You don’t need to be a cycling fan to know that Lance Armstrong is in trouble (again). My local newscast covered it. It showed up in my Google+ feed. And of course, there are keen analyses at all of the usual places. (See any of the stories at VeloNews.com or Neil Browne’s excellent (and cynical) analysis. The Fat Cyclist posted his take, which comes from a fairly non-cycling point of view.) And even though I started this post several days ago, I wanted to finish it up. I want to get it off my chest and I think it’s a little different take than the ones that focus on the doping itself.
For me it comes down to what the purpose of USADA is. Expanding the acronym yields part of the answer: the United States Anti-Doping Agency. So they’re clearly out to combat doping in sport. Living with young children means answer the question “why” a lot. It also means you start asking the question yourself, if only preemptively. So why does USADA oppose doping? Their website leaves no doubt: “Preserve the Integrity of Sport,” “Inspire True Sport,” and “Protect the Rights of U.S. Athletes.” I don’t think the last two goals are relevant to this situation. It’s all about the so-called “Integrity of Sport.” Again, why? Integrity is a noble end, to be sure. But integrity as it applies to sport? So what?
Nobody wants to play with a cheater. By eliminating the cheaters, you encourage participation and spectator interest in sport. That, I believe, is the true reason USADA exists. They encourage the participation in and spectating of sport.
And that is why it feels like USADA is shooting itself in the foot with this on-going investigation. Lance Armstrong spurs interest in everything he does. After he raced Leadville, interest in that race shot up. While he was winning his Tours de France, he did more for road cycling in the United States than any other individual. With his attention turned to triathlon, people were paying attention to that. I can’t be the only person in the world who actually started paying attention to Ironman competitions after he started taking part. Part of the sanctions levied against Armstrong at the moment include prohibiting him from competing in those events until the investigation is complete. And that means people will stop paying attention.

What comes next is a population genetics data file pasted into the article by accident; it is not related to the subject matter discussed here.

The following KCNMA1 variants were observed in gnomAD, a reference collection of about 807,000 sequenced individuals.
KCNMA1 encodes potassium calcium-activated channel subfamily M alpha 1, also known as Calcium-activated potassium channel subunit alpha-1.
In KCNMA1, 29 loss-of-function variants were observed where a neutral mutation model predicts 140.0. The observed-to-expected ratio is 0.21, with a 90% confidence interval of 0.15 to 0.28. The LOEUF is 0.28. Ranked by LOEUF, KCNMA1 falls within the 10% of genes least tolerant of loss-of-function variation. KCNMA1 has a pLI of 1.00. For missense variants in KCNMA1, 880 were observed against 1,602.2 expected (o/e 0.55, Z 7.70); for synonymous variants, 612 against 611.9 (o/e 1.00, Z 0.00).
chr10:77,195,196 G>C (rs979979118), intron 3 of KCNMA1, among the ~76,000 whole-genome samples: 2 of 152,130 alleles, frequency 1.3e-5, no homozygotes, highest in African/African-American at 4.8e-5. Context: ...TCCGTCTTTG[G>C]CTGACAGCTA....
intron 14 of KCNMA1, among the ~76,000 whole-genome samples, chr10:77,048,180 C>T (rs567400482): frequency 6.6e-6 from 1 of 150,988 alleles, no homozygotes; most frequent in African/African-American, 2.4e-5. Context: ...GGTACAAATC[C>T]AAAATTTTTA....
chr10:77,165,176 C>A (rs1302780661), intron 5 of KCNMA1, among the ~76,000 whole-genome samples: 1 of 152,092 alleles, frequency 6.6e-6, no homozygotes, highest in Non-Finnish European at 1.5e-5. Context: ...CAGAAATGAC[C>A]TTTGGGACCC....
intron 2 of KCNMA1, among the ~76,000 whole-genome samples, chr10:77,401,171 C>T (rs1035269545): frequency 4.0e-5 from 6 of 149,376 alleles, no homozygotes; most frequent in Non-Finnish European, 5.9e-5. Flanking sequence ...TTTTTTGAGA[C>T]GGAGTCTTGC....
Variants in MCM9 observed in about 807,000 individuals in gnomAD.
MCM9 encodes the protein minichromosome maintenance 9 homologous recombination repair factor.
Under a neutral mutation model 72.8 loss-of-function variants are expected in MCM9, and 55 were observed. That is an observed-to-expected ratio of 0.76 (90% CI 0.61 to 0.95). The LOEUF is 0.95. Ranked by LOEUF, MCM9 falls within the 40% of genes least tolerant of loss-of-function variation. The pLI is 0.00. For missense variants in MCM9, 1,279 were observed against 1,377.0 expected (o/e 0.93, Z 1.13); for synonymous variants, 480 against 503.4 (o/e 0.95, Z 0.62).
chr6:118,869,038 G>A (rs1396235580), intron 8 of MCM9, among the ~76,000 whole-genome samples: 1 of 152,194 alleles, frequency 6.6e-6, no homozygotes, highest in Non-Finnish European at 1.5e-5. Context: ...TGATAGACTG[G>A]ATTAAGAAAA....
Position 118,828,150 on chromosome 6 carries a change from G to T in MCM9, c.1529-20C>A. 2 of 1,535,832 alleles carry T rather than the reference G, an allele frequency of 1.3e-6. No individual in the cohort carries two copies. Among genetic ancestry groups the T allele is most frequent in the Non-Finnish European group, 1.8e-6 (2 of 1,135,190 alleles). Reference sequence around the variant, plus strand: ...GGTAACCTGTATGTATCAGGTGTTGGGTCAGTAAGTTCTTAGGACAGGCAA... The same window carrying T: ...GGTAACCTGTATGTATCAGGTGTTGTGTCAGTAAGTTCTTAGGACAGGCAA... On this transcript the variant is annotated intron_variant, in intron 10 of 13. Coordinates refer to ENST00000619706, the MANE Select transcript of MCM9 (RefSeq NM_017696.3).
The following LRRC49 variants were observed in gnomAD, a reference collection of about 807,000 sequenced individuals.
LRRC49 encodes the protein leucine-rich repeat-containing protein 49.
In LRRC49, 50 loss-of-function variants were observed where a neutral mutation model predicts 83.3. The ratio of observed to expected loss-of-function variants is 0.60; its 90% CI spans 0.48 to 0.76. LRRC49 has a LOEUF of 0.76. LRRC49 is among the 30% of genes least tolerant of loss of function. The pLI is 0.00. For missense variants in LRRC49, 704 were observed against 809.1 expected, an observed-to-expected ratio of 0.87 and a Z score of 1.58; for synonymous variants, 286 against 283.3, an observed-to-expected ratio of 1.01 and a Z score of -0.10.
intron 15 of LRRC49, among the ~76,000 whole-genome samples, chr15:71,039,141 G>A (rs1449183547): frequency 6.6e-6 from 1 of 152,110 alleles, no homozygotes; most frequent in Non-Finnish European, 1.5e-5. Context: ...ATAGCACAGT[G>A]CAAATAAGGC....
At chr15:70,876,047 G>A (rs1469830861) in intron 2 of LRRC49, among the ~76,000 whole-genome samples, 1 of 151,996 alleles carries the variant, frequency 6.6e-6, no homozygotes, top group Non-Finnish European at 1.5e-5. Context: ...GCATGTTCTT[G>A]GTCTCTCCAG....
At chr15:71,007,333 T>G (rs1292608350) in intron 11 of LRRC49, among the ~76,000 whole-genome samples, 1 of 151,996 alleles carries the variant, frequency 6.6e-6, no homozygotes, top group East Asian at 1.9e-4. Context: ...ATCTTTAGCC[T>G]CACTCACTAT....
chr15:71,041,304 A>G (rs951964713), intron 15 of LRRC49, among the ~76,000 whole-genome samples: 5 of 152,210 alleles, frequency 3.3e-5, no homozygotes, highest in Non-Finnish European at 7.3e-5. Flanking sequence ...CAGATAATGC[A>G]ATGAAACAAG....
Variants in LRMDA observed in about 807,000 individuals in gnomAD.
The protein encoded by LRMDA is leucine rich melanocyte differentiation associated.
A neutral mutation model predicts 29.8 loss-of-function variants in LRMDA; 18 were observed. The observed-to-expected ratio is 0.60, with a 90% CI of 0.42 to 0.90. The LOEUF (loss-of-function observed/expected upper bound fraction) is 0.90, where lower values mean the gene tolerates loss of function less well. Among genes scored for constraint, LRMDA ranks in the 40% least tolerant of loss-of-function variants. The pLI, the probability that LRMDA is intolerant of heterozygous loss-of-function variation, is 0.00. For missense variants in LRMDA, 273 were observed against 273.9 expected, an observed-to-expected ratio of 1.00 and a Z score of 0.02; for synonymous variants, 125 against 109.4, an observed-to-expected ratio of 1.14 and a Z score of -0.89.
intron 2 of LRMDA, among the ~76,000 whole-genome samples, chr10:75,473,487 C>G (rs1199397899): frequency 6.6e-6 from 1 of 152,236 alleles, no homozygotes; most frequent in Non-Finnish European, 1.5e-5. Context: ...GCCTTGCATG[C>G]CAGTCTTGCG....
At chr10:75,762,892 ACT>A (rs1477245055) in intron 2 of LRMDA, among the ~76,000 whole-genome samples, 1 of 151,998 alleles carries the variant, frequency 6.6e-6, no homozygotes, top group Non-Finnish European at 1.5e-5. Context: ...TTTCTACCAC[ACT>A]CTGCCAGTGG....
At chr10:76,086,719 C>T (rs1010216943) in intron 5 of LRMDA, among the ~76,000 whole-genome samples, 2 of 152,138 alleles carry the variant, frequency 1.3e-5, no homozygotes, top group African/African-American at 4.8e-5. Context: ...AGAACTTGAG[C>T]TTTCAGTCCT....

Maybe Armstrong did dope in 1999. That was 13 years ago. What do we gain by rewriting that sporting history? Does that fall into USADA’s scope of work? What has Armstrong done since then? Started a foundation that has helped thousands of people negotiating cancer treatment. Inspired thousands of athletes to engage in various sports. What will bringing him down accomplish (provided they actually can do that)?
I am beyond caring what Armstrong did in 1999. I am all about what Armstrong is doing now. He continues to inspire me to more. USADA seems distant and out of touch, clinging desperately to an ideal that is hurting them more than helping them.
Like the Fat Cyclist said, we have only opinions and they are well-set now. Mine is that Armstrong is an imperfect hero and we really need to focus on today and the future instead of revisionist history.
My mother saw me wearing my new Livestrong “Road to Kona” shirt last week and asked if I had heard the news. I told her I was wearing it in spite of the news.
I remember reading that Floyd Landis’ parents showed up to a race with a sign that simply said, “We support Floyd Landis.” Call this post my “I support Lance Armstrong” sign.